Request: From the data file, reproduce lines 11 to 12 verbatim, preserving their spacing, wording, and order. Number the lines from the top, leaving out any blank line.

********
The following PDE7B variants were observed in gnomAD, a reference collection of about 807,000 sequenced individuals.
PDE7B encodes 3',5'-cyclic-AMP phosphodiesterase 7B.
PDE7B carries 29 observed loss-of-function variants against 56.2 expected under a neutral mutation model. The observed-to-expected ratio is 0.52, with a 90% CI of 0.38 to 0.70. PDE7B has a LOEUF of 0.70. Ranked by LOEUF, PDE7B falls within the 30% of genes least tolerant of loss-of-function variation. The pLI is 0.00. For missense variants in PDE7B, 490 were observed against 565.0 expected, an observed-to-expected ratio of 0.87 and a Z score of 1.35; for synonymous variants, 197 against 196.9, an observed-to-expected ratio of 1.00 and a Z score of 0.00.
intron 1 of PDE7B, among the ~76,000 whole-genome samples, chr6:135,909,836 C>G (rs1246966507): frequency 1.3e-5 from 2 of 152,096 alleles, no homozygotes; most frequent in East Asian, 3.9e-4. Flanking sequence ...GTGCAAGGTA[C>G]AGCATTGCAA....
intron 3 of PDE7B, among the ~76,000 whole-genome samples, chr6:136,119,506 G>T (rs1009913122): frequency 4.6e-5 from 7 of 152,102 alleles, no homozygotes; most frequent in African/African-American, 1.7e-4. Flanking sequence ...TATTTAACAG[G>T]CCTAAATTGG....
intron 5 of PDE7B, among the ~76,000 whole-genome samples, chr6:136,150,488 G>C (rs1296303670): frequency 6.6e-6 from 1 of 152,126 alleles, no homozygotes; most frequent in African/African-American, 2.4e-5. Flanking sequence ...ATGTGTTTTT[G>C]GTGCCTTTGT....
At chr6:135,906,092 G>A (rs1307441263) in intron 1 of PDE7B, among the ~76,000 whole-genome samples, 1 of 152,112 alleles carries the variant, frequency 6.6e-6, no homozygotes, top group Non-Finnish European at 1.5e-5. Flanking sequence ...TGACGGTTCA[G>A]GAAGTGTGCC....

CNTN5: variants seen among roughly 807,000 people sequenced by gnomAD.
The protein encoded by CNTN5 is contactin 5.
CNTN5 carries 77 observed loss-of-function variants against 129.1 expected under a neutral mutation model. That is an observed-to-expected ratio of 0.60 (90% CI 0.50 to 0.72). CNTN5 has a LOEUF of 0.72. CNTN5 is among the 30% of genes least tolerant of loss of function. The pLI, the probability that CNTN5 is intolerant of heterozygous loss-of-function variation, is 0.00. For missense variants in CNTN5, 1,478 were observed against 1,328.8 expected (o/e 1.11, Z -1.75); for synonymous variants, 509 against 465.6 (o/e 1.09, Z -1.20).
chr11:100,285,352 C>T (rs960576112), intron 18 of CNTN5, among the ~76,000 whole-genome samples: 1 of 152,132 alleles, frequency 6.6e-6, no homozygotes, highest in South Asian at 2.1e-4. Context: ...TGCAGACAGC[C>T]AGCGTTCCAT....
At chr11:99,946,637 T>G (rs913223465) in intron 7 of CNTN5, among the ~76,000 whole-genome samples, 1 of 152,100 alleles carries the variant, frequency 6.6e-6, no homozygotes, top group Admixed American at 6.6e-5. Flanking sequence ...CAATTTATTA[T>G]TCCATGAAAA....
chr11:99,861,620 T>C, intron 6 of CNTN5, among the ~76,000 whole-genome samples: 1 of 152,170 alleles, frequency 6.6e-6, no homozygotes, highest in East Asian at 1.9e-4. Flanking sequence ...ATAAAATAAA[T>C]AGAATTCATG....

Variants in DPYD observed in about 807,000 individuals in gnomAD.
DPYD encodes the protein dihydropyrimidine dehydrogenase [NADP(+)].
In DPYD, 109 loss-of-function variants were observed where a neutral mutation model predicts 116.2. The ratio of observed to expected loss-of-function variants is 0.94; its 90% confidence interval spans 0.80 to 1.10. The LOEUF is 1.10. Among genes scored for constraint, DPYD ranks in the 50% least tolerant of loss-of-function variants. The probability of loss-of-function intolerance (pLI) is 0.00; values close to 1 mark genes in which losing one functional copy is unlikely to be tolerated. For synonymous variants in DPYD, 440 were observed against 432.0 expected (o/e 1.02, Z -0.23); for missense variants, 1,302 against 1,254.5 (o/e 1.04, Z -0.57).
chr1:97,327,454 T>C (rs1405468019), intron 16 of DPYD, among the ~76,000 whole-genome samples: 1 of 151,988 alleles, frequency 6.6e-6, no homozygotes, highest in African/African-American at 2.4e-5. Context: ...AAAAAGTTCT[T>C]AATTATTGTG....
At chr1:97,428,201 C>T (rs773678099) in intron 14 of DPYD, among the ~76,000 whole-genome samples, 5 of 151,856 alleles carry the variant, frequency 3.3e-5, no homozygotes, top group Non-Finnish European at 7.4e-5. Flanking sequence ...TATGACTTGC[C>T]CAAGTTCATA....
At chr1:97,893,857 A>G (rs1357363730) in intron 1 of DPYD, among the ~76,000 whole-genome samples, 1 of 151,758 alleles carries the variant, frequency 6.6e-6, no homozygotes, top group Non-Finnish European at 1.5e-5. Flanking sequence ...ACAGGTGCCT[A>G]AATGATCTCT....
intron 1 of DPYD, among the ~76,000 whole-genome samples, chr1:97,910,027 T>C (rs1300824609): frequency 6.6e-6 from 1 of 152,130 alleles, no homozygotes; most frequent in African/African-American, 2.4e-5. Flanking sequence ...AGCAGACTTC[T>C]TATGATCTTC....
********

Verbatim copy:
chr11:100,285,352 C>T (rs960576112), intron 18 of CNTN5, among the ~76,000 whole-genome samples: 1 of 152,132 alleles, frequency 6.6e-6, no homozygotes, highest in South Asian at 2.1e-4. Context: ...TGCAGACAGC[C>T]AGCGTTCCAT....
At chr11:99,946,637 T>G (rs913223465) in intron 7 of CNTN5, among the ~76,000 whole-genome samples, 1 of 152,100 alleles carries the variant, frequency 6.6e-6, no homozygotes, top group Admixed American at 6.6e-5. Flanking sequence ...CAATTTATTA[T>G]TCCATGAAAA....